Avila on rebuild: 3 years too short, 10 years too long
Detroit — It certainly would behoove Tigers general manager Al Avila to get the ballclub back to its winning ways in three years or less.
After all, that’s how much time’s left on his deal, signed in the summer of 2015.
And, not so coincidentally, that’s the length of new manager Ron Gardenhire’s contract, too.
Still, Avila cringed and chuckled when asked to put a timetable on when Tigers fans can realistically see their team again back in the thick of things, not just for American League Central championships, but for World Series contention.
“I don’t want to give you a time frame, even in a perfect world,” Avila said. “Everybody would like it to be sooner than later. I don’t know to give you a 10-year plan. I can’t give you a three-year plan. I don’t know if that’s realistic.
“One’s too short, one’s too long.
“Anywhere in between is the hope.”
The Tigers, who’ve overspent for more than a decade in late owner Mike Ilitch’s quest for a World Series ring, started the process of getting the books back in order this summer, when they traded away Justin Verlander, Justin Upton, J.D. Martinez, Justin Wilson and Alex Avila.
And there’s a very good chance the cost-cutting continues this winter, with particularly eyes on the likes of Ian Kinsler and Jose Iglesias, among others.
They desperately need to bolster a farm system that hasn’t been among the top tier in baseball for many decades. This summer’s trades helped, as have the two most recent drafts, particularly in the pitching department.
But there’s a long ways to go, and the Tigers are totally invested in the process — even if it means the losses will pile up, as they did in 2017, when they went 64-98 and secured the No. 1 overall pick in next June’s draft.
“For years, we have not had a good nucleus of good prospects at Triple A ... or even in Double A,” Avila said. “That’s what we need build, that next wave.
“For many years, we’ve been trying to force feed guys that, quite frankly, don’t deserve to be there (in the major leagues).”
Some of those prospects will arrive sooner than later, the early bets being third baseman Jeimer Candelario (Cubs trade) and recently drafted pitching prospects Kyle Funkhouser, Alex Faedo, Beau Burrows and Matt Manning.
Others are longer-term, like right-hander Franklin Perez (Astros trade) and infielder Dawel Lugo (Diamondbacks trade).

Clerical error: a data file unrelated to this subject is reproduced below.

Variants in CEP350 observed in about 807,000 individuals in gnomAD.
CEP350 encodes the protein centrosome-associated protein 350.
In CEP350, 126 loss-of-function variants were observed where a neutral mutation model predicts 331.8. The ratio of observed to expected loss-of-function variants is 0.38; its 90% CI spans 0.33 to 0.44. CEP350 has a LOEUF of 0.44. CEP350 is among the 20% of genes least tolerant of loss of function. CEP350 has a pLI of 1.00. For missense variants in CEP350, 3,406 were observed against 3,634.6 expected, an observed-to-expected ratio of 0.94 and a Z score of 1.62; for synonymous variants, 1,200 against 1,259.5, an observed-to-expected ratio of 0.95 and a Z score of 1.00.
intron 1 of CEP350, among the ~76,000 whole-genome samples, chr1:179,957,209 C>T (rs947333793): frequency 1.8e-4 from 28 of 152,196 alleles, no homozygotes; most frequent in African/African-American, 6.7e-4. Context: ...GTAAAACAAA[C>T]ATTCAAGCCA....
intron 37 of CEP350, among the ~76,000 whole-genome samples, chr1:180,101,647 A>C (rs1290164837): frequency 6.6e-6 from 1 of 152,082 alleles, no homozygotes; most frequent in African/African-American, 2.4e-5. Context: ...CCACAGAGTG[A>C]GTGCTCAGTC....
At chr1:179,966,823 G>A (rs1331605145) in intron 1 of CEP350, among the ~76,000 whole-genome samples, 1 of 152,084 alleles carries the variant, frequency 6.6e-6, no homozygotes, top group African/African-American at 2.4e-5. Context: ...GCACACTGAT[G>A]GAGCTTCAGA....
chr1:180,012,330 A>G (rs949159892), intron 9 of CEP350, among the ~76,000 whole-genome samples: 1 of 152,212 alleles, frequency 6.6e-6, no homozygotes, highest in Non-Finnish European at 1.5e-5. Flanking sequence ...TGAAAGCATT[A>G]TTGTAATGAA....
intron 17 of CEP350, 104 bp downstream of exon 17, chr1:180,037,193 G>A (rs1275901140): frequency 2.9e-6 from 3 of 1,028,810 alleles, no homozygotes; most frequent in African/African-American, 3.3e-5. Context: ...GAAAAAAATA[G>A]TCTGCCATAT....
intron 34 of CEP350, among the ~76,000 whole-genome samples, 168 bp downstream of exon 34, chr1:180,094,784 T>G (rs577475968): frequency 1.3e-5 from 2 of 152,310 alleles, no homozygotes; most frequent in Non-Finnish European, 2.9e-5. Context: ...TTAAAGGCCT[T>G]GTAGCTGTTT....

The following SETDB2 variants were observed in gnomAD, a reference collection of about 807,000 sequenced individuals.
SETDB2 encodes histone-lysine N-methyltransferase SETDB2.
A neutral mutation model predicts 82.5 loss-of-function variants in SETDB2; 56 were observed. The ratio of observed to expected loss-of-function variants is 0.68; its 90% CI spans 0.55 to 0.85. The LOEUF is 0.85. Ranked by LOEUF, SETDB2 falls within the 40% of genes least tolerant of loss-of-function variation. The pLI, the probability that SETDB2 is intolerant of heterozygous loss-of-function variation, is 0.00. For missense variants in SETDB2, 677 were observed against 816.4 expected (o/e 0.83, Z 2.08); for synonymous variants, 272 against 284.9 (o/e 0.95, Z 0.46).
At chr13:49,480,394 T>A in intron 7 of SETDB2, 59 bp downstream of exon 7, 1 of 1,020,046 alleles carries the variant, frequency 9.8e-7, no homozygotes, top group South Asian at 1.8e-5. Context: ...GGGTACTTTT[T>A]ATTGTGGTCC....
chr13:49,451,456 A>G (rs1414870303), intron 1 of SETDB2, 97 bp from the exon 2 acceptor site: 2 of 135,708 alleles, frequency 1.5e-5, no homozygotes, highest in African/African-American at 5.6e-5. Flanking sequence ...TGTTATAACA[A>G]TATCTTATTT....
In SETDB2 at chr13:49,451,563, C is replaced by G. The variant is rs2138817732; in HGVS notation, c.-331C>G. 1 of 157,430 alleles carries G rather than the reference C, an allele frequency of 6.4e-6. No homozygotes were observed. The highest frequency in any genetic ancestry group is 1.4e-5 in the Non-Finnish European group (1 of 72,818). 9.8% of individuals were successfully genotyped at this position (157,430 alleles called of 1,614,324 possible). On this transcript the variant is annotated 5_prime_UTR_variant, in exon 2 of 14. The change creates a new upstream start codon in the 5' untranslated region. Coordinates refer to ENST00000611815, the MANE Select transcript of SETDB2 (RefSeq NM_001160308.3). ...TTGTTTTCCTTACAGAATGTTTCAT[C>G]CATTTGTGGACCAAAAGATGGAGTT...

Still, fans best be prepared for a whole lot of new faces in the coming year or three, and some of them — if not the majority — will appear green at times, and show flashes at others.
That’s the M.O. of a rebuild — which doesn’t include any plans for being a player in free-agency, as the Tigers annually were during their five-postseason, two-World Series run from 2006-14.
“Well, free-agency is gonna be a little different this year than we’ve been accustomed to,” Avila said in what might be the understatement of the century. “We’re gonna be looking for major-league free agents that, quite frankly, are kind of like bargains, I guess you can call them.
“You may not see a free-agent signing until maybe late January.”
The specific focus will be on under-the-radar free agents who could prove to be “lightning in a bottle,” Avila said, preferring that term over the more-clichéd “diamond in the rough.” The Tigers again will turn their attention to stockpiling six-year minor-league free agents to bulk up the depth in the minor-league system.
Avila, with his scouting background, has traditionally been very successful finding contributors in that bargain bin.
Gardenhire, who turns 60 next week, is taking a risk with this job. Managers hired at the early end of a rebuild often aren't around to see it come to fruition — think Alan Trammell, fired after the 2005 season before Jim Leyland took the team to the World Series in 2006 — and a flame-out here could cost Gardenhire, the 13-year manager of the Twins, another opportunity.
Still, he said he didn’t see the risk.
“We gotta get his thing done,” Gardenhire said, noting he and Avila both are on three-year contracts. “I think if we start doing it right, then maybe the window gets wider.
“I think it’s on my shoulders now. They’ve given me this opportunity.”
Gardenhire had both young and veteran teams in Minnesota, with mixed success with both. He took the team to the playoffs six times in his 13 years. The Tigers haven’t been to the playoffs since 2014, and even then suffered a three-game sweep in the opening round.
As for when they’ll be back, it’s anyone’s guess. It’s doubtful to take as long as the last Detroit playoff drought — the Tigers won the old American League East in 1987, then didn’t get back to the postseason until 2006 — but beyond that, it’s anyone’s guess.
Avila, though, did say rebuilds can go quicker than you’d think. He cited this year’s Milwaukee Brewers and Minnesota Twins as examples, and even the New York Yankees, who were in rebuild mode this year, and yet found themselves a Friday night win from making it to the World Series. There also is the flip side, like the Philadelphia Phillies, whose rebuild hasn’t progressed nearly as fast as they’d have liked.
“And that happens in these rebuilds,” Avila said. “It’s hard to really pin down an exact time.
“You want to see progress as we move forward. Sometimes, it doesn’t always add up to the wins and losses, but you want to see guys getting better. ... Improving every day, playing the game the right way.
“It should up to wins as you move forward.”